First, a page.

Wednesday 17 April 2024

Earlier and Middle Stone Age tools from Egypt's Eastern Desert.

During the Pleistocene interglacial phases, Hominin and Human groups migrated out of Africa and into Asia through Egypt. For a long while it was presumed that the main route of migration was along the Nile, but in recent years it has become increasingly apparent that the Eastern Desert was also a significant migration route, although little is known about the populations that inhabited this region.

In a paper published in the journal AntiquityAlice Leplongeon of the Center for Archaeological Research of Landscapes at KU Leuven, the Department of Anthropology at the University of Connecticut, and Histoire Naturelle de l’Homme Préhistorique and the Muséum National d’Histoire Naturelle at the Université de Perpignan Via DomitiaMaxence Bailly of the Maison méditerranéenne des sciences de l’homme at Aix Marseille Université, and Gwenola Graff of the Département Homme et Environnement at the Muséum national d’Histoire naturelle, report on a series of new Earlier Stone Age and Middle Stone Age finds in the Wadi Abu Subeira area of the Eastern Desert.

During 2022, Leplongeon et al. mapped 22 new sites, including single artefact sites, sites with scatters of stone tools, and workshops where stone was worked.  All were found either on plateaux tops or plateaux slopes, never in the wadis that separate the plateaux The isolated tools included a large symmetrical handaxe and a cleaver made from coarse ferruginous sandstone. Scatters of artefacts appear to have no pattern to them; the largest being over 500 m long, with an artefact density of between 0 and 10 artefacts per square meter. Tools were made from a variety of rock types, including quartz, silicified wood, silicified sandstone and chert. Of these, only quartz was available in the immediate area, although the other materials could often be found in wadi bottoms or on nearby plateaux. The items were a mixture of Earlier Stone Age tools, such as large axes, and Middle Stone Age tools, such as Levallois cores, probably representing an accumulation of items which had built up over a long period of time, and reflecting several distinct phases of occupation at the same sites, as well as, in places, accumulations of items caused by erosion.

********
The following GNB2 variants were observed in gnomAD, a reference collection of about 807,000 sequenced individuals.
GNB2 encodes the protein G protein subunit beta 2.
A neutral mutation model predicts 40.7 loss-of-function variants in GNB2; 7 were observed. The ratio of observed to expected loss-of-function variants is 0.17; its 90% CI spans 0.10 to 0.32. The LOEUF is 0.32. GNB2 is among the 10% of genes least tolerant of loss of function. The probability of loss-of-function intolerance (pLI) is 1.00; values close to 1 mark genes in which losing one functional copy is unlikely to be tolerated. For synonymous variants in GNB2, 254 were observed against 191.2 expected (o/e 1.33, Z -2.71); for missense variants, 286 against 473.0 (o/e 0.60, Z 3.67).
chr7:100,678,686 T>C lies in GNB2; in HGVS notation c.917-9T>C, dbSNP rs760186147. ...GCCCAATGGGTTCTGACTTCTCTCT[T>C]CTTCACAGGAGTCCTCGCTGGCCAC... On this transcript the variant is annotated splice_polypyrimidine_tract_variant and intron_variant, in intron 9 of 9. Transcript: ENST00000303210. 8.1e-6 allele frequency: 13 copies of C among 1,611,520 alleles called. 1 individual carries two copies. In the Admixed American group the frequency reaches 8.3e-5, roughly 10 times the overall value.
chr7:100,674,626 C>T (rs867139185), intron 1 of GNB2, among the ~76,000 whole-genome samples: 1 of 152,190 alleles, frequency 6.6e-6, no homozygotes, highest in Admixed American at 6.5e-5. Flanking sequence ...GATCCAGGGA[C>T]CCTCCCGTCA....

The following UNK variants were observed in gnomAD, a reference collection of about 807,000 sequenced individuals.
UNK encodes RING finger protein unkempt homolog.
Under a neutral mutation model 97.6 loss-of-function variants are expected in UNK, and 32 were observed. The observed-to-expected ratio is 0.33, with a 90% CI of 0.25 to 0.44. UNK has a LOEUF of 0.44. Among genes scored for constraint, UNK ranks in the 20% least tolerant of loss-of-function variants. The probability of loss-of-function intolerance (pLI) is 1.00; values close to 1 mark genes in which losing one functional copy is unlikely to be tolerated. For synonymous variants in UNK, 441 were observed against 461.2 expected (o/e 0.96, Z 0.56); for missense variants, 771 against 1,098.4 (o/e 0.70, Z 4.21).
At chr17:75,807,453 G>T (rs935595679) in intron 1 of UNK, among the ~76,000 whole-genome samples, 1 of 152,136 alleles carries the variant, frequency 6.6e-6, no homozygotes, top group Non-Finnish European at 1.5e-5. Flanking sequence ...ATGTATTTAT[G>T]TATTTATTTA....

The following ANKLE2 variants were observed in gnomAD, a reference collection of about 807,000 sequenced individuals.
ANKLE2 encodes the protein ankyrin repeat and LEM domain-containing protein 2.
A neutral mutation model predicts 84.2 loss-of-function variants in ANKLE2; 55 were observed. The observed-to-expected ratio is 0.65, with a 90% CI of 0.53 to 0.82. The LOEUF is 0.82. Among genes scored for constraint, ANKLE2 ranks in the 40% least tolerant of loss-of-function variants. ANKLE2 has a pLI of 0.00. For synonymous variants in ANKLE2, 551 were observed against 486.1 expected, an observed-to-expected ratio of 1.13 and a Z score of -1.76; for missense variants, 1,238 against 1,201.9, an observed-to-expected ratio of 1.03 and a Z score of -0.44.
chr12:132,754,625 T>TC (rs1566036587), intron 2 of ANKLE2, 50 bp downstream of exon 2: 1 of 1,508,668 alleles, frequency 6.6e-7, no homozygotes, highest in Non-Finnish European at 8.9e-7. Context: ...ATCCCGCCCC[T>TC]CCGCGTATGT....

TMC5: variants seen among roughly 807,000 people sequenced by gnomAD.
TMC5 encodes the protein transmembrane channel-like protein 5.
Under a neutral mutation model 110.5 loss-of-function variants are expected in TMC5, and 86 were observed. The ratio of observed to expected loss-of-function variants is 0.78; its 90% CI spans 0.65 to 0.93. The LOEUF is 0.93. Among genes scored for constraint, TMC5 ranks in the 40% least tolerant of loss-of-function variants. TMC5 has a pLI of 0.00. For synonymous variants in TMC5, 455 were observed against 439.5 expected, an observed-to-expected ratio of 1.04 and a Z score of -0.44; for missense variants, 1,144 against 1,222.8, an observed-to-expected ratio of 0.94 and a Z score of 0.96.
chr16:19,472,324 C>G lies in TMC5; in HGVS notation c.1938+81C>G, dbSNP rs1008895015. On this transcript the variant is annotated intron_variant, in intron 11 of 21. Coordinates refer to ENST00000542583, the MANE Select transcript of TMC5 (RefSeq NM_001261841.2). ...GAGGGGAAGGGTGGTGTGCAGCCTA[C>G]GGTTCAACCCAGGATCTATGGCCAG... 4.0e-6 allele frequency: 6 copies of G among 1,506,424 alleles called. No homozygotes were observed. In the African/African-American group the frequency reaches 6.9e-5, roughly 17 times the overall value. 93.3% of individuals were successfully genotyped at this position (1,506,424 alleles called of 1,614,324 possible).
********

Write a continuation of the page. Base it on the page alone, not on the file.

Earlier Stone Age isolated finds: (A) & (B) context and photograph of cleaver L652; (C) & (D) handaxe L672. Leplongeon et al. (2024).

Leplongeon et al. identified five workshops where stone tools were manufactured, each comprising an accumulation of lithic artefacts next to a ferruginous sandstone, although the nature of this sandstone otherwise varied considerably. The highest density of artifacts was found at a workshop on a site referred to as the 'Leaf Plateaux', where there were more than 50 artefacts per meter squared, adjacent to outcrops of fine-grained red and yellow ferruginous sandstone. Blocks of material had apparently been broken from the outcrops, then reduced using a variety of knapping techniques. These include several Levallois cores, as well as blade cores and a few retouched tools including two bifacial points, indicating that this site is of Middle Stone Age origin. 

Middle Stone Age lithic workshop (L618-623). Overview (A) and detail (B) of an area of the workshop; (C) extraction face; (D) Levallois core; (E) bifacial point. Leplongeon et al. (2024).

About 800 m to the east of this Middle Stone Age workshop, an outcrop of a coarser type of ferruginous sandstone, another workshop yielded several large centripetally flaked cores and several handaxes and preforms. All of the artefacts here had a dark desert varnish (indicating age), and appeared attributable to an Acheulean technology. Acheulean sites are rare in northeast Africa, making this a significant discovery.

Earlier Stone Age lithic workshop (L602–603). (A) overview of the site with the two main concentrations of artefacts; (B) detail of area 2; (C) large centripetal core; (D) handaxe preform. Leplongeon et al. (2024).

The presence of two workshops from very different periods shows repeated utilisation of outcrops in the area by different waves of inhabitants, but also that these different peoples with different technologies selected slightly different types of stone as most ideal for their purposes. Notably, workshops and artefact clusters appear to be particularly connected to outcrops of the Nubia Sandstone and in particular the Timsah Formation, suggesting that ancient inhabitants of the Wadi Abu Subeira were capable of following a particular geological formation, apparently for the workable qualities of this material.

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